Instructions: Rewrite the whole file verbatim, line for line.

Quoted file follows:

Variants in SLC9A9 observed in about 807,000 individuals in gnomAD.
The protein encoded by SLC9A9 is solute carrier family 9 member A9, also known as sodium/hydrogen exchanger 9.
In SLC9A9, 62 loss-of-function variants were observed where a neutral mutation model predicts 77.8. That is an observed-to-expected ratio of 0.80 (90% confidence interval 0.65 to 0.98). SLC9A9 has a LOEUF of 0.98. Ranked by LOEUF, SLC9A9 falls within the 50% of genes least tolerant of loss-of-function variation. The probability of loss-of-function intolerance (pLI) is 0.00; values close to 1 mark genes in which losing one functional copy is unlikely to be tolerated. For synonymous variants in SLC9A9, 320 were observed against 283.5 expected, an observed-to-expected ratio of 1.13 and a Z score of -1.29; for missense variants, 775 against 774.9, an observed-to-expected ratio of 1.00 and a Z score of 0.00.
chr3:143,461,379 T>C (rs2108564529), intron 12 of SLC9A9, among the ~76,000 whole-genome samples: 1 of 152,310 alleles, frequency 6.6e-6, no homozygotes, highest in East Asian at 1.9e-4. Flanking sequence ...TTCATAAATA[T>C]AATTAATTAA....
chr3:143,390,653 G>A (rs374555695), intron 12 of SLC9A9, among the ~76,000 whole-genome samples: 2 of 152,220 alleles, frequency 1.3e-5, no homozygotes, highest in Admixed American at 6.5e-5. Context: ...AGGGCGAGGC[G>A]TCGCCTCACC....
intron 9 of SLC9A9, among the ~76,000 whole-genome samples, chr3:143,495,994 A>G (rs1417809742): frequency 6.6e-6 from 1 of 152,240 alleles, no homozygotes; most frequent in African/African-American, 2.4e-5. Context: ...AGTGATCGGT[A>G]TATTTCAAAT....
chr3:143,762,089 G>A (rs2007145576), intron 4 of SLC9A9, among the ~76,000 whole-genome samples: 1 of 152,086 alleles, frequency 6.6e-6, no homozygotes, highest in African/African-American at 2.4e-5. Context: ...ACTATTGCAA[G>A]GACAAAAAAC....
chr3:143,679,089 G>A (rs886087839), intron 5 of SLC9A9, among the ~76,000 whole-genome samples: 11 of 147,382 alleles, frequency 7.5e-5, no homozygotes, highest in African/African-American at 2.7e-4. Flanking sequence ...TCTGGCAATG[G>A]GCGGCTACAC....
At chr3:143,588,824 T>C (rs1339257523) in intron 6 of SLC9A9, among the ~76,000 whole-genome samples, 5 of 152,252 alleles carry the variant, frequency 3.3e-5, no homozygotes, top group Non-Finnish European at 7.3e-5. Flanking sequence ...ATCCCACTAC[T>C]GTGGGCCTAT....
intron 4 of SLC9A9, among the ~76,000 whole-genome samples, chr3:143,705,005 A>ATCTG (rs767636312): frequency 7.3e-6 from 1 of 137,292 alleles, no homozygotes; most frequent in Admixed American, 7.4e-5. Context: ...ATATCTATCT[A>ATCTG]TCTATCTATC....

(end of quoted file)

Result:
Variants in SLC9A9 observed in about 807,000 individuals in gnomAD.
The protein encoded by SLC9A9 is solute carrier family 9 member A9, also known as sodium/hydrogen exchanger 9.
In SLC9A9, 62 loss-of-function variants were observed where a neutral mutation model predicts 77.8. That is an observed-to-expected ratio of 0.80 (90% confidence interval 0.65 to 0.98). SLC9A9 has a LOEUF of 0.98. Ranked by LOEUF, SLC9A9 falls within the 50% of genes least tolerant of loss-of-function variation. The probability of loss-of-function intolerance (pLI) is 0.00; values close to 1 mark genes in which losing one functional copy is unlikely to be tolerated. For synonymous variants in SLC9A9, 320 were observed against 283.5 expected, an observed-to-expected ratio of 1.13 and a Z score of -1.29; for missense variants, 775 against 774.9, an observed-to-expected ratio of 1.00 and a Z score of 0.00.
chr3:143,461,379 T>C (rs2108564529), intron 12 of SLC9A9, among the ~76,000 whole-genome samples: 1 of 152,310 alleles, frequency 6.6e-6, no homozygotes, highest in East Asian at 1.9e-4. Flanking sequence ...TTCATAAATA[T>C]AATTAATTAA....
chr3:143,390,653 G>A (rs374555695), intron 12 of SLC9A9, among the ~76,000 whole-genome samples: 2 of 152,220 alleles, frequency 1.3e-5, no homozygotes, highest in Admixed American at 6.5e-5. Context: ...AGGGCGAGGC[G>A]TCGCCTCACC....
intron 9 of SLC9A9, among the ~76,000 whole-genome samples, chr3:143,495,994 A>G (rs1417809742): frequency 6.6e-6 from 1 of 152,240 alleles, no homozygotes; most frequent in African/African-American, 2.4e-5. Context: ...AGTGATCGGT[A>G]TATTTCAAAT....
chr3:143,762,089 G>A (rs2007145576), intron 4 of SLC9A9, among the ~76,000 whole-genome samples: 1 of 152,086 alleles, frequency 6.6e-6, no homozygotes, highest in African/African-American at 2.4e-5. Context: ...ACTATTGCAA[G>A]GACAAAAAAC....
chr3:143,679,089 G>A (rs886087839), intron 5 of SLC9A9, among the ~76,000 whole-genome samples: 11 of 147,382 alleles, frequency 7.5e-5, no homozygotes, highest in African/African-American at 2.7e-4. Flanking sequence ...TCTGGCAATG[G>A]GCGGCTACAC....
At chr3:143,588,824 T>C (rs1339257523) in intron 6 of SLC9A9, among the ~76,000 whole-genome samples, 5 of 152,252 alleles carry the variant, frequency 3.3e-5, no homozygotes, top group Non-Finnish European at 7.3e-5. Flanking sequence ...ATCCCACTAC[T>C]GTGGGCCTAT....
intron 4 of SLC9A9, among the ~76,000 whole-genome samples, chr3:143,705,005 A>ATCTG (rs767636312): frequency 7.3e-6 from 1 of 137,292 alleles, no homozygotes; most frequent in Admixed American, 7.4e-5. Context: ...ATATCTATCT[A>ATCTG]TCTATCTATC....